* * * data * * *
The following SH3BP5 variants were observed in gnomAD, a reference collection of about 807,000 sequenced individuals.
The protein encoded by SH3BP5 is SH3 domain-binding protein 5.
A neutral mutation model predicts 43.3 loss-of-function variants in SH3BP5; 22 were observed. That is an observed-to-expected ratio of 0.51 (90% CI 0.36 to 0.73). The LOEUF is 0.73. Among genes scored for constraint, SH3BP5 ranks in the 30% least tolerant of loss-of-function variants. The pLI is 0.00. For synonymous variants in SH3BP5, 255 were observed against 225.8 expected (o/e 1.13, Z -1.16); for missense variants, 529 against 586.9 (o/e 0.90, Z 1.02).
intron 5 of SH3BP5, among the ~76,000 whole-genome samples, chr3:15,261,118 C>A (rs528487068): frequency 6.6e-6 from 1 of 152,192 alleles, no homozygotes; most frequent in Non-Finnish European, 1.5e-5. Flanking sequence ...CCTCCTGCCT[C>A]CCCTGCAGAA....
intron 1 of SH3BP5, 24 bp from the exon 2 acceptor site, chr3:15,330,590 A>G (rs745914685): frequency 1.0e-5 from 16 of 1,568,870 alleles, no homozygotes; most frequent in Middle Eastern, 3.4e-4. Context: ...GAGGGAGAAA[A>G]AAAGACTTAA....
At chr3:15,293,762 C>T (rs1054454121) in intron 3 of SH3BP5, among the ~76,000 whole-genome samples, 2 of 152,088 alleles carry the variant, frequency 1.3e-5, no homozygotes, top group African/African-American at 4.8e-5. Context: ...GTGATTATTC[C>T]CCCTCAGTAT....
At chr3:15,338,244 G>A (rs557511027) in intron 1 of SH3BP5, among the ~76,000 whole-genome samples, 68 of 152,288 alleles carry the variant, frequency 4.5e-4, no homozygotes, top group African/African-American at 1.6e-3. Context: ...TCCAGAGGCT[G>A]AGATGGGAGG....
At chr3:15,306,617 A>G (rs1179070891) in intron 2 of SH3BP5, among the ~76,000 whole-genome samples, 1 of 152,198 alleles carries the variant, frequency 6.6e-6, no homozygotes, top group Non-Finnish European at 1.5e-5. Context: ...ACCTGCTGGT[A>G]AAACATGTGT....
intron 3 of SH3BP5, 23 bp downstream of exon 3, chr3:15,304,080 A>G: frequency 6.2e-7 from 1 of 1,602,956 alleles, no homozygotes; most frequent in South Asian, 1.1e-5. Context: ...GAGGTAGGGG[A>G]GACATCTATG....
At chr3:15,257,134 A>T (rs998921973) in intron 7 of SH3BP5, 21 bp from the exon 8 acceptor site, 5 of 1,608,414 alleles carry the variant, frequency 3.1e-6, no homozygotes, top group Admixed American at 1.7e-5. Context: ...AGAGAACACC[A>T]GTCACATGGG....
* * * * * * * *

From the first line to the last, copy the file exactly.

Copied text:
The following SH3BP5 variants were observed in gnomAD, a reference collection of about 807,000 sequenced individuals.
The protein encoded by SH3BP5 is SH3 domain-binding protein 5.
A neutral mutation model predicts 43.3 loss-of-function variants in SH3BP5; 22 were observed. That is an observed-to-expected ratio of 0.51 (90% CI 0.36 to 0.73). The LOEUF is 0.73. Among genes scored for constraint, SH3BP5 ranks in the 30% least tolerant of loss-of-function variants. The pLI is 0.00. For synonymous variants in SH3BP5, 255 were observed against 225.8 expected (o/e 1.13, Z -1.16); for missense variants, 529 against 586.9 (o/e 0.90, Z 1.02).
intron 5 of SH3BP5, among the ~76,000 whole-genome samples, chr3:15,261,118 C>A (rs528487068): frequency 6.6e-6 from 1 of 152,192 alleles, no homozygotes; most frequent in Non-Finnish European, 1.5e-5. Flanking sequence ...CCTCCTGCCT[C>A]CCCTGCAGAA....
intron 1 of SH3BP5, 24 bp from the exon 2 acceptor site, chr3:15,330,590 A>G (rs745914685): frequency 1.0e-5 from 16 of 1,568,870 alleles, no homozygotes; most frequent in Middle Eastern, 3.4e-4. Context: ...GAGGGAGAAA[A>G]AAAGACTTAA....
At chr3:15,293,762 C>T (rs1054454121) in intron 3 of SH3BP5, among the ~76,000 whole-genome samples, 2 of 152,088 alleles carry the variant, frequency 1.3e-5, no homozygotes, top group African/African-American at 4.8e-5. Context: ...GTGATTATTC[C>T]CCCTCAGTAT....
At chr3:15,338,244 G>A (rs557511027) in intron 1 of SH3BP5, among the ~76,000 whole-genome samples, 68 of 152,288 alleles carry the variant, frequency 4.5e-4, no homozygotes, top group African/African-American at 1.6e-3. Context: ...TCCAGAGGCT[G>A]AGATGGGAGG....
At chr3:15,306,617 A>G (rs1179070891) in intron 2 of SH3BP5, among the ~76,000 whole-genome samples, 1 of 152,198 alleles carries the variant, frequency 6.6e-6, no homozygotes, top group Non-Finnish European at 1.5e-5. Context: ...ACCTGCTGGT[A>G]AAACATGTGT....
intron 3 of SH3BP5, 23 bp downstream of exon 3, chr3:15,304,080 A>G: frequency 6.2e-7 from 1 of 1,602,956 alleles, no homozygotes; most frequent in South Asian, 1.1e-5. Context: ...GAGGTAGGGG[A>G]GACATCTATG....
At chr3:15,257,134 A>T (rs998921973) in intron 7 of SH3BP5, 21 bp from the exon 8 acceptor site, 5 of 1,608,414 alleles carry the variant, frequency 3.1e-6, no homozygotes, top group Admixed American at 1.7e-5. Context: ...AGAGAACACC[A>T]GTCACATGGG....